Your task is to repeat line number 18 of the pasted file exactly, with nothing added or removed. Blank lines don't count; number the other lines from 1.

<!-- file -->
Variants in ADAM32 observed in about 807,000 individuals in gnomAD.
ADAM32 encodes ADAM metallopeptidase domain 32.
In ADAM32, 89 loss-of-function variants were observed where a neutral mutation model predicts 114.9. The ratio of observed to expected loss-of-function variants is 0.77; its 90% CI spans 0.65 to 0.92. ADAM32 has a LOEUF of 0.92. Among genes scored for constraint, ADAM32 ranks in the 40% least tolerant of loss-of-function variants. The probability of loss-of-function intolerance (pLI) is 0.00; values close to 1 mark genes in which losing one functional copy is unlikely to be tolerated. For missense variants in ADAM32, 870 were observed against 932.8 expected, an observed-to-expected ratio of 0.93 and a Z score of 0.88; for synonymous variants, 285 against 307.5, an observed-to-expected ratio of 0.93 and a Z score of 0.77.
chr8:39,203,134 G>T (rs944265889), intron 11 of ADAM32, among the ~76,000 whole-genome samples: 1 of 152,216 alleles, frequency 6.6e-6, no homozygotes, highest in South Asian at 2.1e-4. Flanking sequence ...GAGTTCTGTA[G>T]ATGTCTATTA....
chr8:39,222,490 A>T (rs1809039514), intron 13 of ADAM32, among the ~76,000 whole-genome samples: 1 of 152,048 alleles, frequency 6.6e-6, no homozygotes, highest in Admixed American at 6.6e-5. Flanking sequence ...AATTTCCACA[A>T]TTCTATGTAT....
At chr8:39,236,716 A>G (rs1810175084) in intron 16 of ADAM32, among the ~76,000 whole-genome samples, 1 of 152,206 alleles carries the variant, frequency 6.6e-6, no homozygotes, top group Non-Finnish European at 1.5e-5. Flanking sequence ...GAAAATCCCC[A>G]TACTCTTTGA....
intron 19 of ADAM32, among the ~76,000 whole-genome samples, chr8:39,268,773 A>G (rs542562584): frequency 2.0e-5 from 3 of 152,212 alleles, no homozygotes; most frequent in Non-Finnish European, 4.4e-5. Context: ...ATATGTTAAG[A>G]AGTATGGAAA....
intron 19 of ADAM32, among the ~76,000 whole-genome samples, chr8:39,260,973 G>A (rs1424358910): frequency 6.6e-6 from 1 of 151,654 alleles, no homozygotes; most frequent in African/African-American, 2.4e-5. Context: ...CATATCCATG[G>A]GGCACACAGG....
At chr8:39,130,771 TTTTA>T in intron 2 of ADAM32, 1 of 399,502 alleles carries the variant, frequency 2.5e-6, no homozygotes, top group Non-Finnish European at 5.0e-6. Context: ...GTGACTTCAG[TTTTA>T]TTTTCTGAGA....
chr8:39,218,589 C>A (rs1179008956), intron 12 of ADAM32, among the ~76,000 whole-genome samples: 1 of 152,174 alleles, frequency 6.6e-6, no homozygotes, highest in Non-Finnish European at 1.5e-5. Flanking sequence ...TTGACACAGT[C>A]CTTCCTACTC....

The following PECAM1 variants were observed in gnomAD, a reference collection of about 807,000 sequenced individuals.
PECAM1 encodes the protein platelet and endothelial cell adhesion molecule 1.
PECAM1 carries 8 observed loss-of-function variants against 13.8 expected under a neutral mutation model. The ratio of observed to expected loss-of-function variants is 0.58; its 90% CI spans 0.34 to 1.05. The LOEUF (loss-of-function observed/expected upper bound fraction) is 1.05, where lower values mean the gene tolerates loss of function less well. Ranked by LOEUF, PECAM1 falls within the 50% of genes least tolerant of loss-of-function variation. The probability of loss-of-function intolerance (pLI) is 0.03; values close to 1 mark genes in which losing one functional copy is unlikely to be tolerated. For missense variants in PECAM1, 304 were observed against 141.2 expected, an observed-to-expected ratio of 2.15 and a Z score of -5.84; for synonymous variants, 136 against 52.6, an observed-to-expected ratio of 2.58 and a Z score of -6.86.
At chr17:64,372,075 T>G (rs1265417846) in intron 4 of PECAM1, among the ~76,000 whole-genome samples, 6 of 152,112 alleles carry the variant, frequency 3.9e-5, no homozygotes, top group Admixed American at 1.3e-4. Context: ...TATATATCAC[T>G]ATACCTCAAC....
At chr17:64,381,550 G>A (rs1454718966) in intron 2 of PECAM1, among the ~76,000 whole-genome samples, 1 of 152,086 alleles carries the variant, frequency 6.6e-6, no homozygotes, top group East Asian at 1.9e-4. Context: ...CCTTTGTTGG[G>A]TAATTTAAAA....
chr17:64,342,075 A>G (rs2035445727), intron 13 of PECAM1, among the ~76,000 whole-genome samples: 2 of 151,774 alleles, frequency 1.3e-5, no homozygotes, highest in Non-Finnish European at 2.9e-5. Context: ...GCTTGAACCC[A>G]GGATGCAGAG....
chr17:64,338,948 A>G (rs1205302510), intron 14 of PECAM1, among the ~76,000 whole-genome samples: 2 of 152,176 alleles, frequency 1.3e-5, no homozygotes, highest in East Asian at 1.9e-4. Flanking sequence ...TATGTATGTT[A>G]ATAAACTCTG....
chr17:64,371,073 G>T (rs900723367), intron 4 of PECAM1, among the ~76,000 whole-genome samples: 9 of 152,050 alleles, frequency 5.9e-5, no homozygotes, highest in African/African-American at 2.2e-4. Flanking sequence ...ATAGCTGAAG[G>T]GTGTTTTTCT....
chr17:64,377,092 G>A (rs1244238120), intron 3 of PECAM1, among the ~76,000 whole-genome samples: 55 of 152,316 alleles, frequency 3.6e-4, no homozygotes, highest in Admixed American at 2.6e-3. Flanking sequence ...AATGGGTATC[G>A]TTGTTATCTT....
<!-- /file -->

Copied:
chr17:64,371,073 G>T (rs900723367), intron 4 of PECAM1, among the ~76,000 whole-genome samples: 9 of 152,050 alleles, frequency 5.9e-5, no homozygotes, highest in African/African-American at 2.2e-4. Flanking sequence ...ATAGCTGAAG[G>T]GTGTTTTTCT....